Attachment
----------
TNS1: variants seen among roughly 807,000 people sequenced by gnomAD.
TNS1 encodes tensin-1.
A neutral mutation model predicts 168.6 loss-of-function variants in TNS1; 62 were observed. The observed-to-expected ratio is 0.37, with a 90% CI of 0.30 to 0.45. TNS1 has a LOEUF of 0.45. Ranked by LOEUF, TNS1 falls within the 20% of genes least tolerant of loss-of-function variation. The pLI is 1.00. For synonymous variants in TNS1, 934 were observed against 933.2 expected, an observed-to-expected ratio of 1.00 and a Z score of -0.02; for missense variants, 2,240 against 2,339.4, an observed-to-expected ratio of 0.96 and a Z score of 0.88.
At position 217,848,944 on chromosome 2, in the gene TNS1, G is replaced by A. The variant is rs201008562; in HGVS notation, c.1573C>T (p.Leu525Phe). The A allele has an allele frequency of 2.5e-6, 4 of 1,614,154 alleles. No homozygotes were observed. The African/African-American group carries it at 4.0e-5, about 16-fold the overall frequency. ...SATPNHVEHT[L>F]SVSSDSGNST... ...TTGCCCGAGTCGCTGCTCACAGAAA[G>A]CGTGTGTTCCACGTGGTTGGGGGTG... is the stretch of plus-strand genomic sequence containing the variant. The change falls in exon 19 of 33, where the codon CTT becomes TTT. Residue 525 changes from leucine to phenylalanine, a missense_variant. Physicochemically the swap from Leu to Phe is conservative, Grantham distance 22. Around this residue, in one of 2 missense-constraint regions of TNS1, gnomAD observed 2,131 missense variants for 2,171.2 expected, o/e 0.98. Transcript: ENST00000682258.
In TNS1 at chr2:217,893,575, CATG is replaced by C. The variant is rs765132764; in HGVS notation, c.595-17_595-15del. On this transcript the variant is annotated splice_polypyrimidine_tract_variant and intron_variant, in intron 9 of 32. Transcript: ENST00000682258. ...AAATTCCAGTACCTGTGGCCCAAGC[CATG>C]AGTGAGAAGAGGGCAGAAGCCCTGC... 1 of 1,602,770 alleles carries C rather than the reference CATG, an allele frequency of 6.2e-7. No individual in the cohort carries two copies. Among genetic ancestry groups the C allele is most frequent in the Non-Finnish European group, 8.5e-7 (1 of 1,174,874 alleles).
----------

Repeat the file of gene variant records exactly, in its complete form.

TNS1: variants seen among roughly 807,000 people sequenced by gnomAD.
TNS1 encodes tensin-1.
A neutral mutation model predicts 168.6 loss-of-function variants in TNS1; 62 were observed. The observed-to-expected ratio is 0.37, with a 90% CI of 0.30 to 0.45. TNS1 has a LOEUF of 0.45. Ranked by LOEUF, TNS1 falls within the 20% of genes least tolerant of loss-of-function variation. The pLI is 1.00. For synonymous variants in TNS1, 934 were observed against 933.2 expected, an observed-to-expected ratio of 1.00 and a Z score of -0.02; for missense variants, 2,240 against 2,339.4, an observed-to-expected ratio of 0.96 and a Z score of 0.88.
At position 217,848,944 on chromosome 2, in the gene TNS1, G is replaced by A. The variant is rs201008562; in HGVS notation, c.1573C>T (p.Leu525Phe). The A allele has an allele frequency of 2.5e-6, 4 of 1,614,154 alleles. No homozygotes were observed. The African/African-American group carries it at 4.0e-5, about 16-fold the overall frequency. ...SATPNHVEHT[L>F]SVSSDSGNST... ...TTGCCCGAGTCGCTGCTCACAGAAA[G>A]CGTGTGTTCCACGTGGTTGGGGGTG... is the stretch of plus-strand genomic sequence containing the variant. The change falls in exon 19 of 33, where the codon CTT becomes TTT. Residue 525 changes from leucine to phenylalanine, a missense_variant. Physicochemically the swap from Leu to Phe is conservative, Grantham distance 22. Around this residue, in one of 2 missense-constraint regions of TNS1, gnomAD observed 2,131 missense variants for 2,171.2 expected, o/e 0.98. Transcript: ENST00000682258.
In TNS1 at chr2:217,893,575, CATG is replaced by C. The variant is rs765132764; in HGVS notation, c.595-17_595-15del. On this transcript the variant is annotated splice_polypyrimidine_tract_variant and intron_variant, in intron 9 of 32. Transcript: ENST00000682258. ...AAATTCCAGTACCTGTGGCCCAAGC[CATG>C]AGTGAGAAGAGGGCAGAAGCCCTGC... 1 of 1,602,770 alleles carries C rather than the reference CATG, an allele frequency of 6.2e-7. No individual in the cohort carries two copies. Among genetic ancestry groups the C allele is most frequent in the Non-Finnish European group, 8.5e-7 (1 of 1,174,874 alleles).